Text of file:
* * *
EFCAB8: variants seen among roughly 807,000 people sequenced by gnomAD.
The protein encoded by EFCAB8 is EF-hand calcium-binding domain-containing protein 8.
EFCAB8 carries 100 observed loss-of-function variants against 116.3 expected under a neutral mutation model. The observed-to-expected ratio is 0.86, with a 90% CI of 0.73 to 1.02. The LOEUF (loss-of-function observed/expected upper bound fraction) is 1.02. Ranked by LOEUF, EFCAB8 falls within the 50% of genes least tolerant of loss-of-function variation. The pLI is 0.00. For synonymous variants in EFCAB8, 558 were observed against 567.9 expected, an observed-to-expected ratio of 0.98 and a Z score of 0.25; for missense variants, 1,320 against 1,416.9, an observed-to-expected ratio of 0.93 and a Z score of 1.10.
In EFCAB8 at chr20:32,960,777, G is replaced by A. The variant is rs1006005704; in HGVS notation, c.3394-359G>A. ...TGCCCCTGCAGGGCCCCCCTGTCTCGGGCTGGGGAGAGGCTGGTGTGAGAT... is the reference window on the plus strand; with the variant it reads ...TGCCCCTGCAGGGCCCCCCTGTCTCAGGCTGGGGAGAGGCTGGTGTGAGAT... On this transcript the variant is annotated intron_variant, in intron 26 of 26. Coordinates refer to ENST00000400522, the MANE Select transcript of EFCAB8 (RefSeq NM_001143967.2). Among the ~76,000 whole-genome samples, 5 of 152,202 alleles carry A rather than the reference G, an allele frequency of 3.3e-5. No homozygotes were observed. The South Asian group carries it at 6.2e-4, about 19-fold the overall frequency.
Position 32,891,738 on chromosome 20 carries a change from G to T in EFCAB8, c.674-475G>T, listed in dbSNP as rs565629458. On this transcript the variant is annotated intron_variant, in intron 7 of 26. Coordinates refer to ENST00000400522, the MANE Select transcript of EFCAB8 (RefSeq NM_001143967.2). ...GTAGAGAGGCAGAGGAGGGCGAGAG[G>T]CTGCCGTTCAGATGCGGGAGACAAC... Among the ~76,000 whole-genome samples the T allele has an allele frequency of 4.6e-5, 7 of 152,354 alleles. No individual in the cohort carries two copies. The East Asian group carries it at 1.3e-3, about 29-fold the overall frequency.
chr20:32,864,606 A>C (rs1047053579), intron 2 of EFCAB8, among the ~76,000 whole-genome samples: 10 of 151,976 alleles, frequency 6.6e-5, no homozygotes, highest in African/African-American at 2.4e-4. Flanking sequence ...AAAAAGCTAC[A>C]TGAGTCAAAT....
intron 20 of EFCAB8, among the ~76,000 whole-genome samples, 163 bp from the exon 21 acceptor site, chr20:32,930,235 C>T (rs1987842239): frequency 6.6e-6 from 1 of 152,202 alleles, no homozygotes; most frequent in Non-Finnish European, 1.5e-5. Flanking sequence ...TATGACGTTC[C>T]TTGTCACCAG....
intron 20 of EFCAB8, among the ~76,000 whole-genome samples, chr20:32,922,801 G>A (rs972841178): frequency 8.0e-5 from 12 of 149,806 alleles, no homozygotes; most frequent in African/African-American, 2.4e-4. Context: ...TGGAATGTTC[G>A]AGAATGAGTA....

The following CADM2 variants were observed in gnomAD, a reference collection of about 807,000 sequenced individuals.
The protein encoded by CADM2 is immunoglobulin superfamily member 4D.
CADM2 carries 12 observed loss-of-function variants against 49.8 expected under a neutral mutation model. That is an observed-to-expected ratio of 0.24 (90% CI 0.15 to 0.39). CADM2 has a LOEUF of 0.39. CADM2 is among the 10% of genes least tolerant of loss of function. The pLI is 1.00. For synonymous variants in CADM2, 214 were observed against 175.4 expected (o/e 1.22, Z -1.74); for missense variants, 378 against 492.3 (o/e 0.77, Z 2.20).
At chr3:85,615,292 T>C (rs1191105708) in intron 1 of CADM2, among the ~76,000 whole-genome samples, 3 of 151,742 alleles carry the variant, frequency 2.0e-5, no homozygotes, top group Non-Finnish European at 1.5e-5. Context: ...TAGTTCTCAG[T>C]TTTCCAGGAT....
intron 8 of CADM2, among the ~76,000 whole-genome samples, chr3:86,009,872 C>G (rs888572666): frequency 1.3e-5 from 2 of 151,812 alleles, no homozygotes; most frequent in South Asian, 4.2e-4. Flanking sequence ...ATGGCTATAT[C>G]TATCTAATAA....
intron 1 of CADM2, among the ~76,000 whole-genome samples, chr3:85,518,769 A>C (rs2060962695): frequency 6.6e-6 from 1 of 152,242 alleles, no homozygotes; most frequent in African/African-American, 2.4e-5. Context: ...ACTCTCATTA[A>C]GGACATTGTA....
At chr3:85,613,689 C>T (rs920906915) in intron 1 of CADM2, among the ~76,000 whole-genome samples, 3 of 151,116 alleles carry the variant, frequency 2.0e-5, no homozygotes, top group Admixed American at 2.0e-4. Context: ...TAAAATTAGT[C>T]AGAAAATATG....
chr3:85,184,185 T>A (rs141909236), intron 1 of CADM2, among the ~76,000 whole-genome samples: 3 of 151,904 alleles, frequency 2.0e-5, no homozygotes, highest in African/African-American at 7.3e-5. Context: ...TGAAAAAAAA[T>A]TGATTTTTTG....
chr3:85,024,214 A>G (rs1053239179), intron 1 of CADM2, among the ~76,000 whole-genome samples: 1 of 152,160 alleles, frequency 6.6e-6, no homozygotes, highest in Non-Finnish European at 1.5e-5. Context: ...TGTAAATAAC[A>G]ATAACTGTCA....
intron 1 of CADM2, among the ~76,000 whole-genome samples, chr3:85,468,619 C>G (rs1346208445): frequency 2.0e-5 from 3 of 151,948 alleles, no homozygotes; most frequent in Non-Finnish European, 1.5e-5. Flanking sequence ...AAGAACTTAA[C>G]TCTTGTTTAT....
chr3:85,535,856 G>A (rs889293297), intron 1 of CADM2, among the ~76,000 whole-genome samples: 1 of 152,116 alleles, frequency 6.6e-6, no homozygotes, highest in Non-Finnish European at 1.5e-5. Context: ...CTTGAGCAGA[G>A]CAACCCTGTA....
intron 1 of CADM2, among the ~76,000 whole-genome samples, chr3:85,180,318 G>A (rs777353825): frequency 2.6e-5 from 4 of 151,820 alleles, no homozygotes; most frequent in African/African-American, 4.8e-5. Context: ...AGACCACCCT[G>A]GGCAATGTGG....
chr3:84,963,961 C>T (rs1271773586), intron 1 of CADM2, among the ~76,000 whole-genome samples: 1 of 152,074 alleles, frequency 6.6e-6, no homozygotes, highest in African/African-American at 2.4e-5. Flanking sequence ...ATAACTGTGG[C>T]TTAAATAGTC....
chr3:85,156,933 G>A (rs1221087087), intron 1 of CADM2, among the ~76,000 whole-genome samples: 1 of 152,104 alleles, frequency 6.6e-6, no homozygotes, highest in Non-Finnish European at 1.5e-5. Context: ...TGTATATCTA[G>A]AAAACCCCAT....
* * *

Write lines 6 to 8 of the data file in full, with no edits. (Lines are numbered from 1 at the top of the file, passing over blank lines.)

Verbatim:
chr20:32,864,606 A>C (rs1047053579), intron 2 of EFCAB8, among the ~76,000 whole-genome samples: 10 of 151,976 alleles, frequency 6.6e-5, no homozygotes, highest in African/African-American at 2.4e-4. Flanking sequence ...AAAAAGCTAC[A>C]TGAGTCAAAT....
intron 20 of EFCAB8, among the ~76,000 whole-genome samples, 163 bp from the exon 21 acceptor site, chr20:32,930,235 C>T (rs1987842239): frequency 6.6e-6 from 1 of 152,202 alleles, no homozygotes; most frequent in Non-Finnish European, 1.5e-5. Flanking sequence ...TATGACGTTC[C>T]TTGTCACCAG....
intron 20 of EFCAB8, among the ~76,000 whole-genome samples, chr20:32,922,801 G>A (rs972841178): frequency 8.0e-5 from 12 of 149,806 alleles, no homozygotes; most frequent in African/African-American, 2.4e-4. Context: ...TGGAATGTTC[G>A]AGAATGAGTA....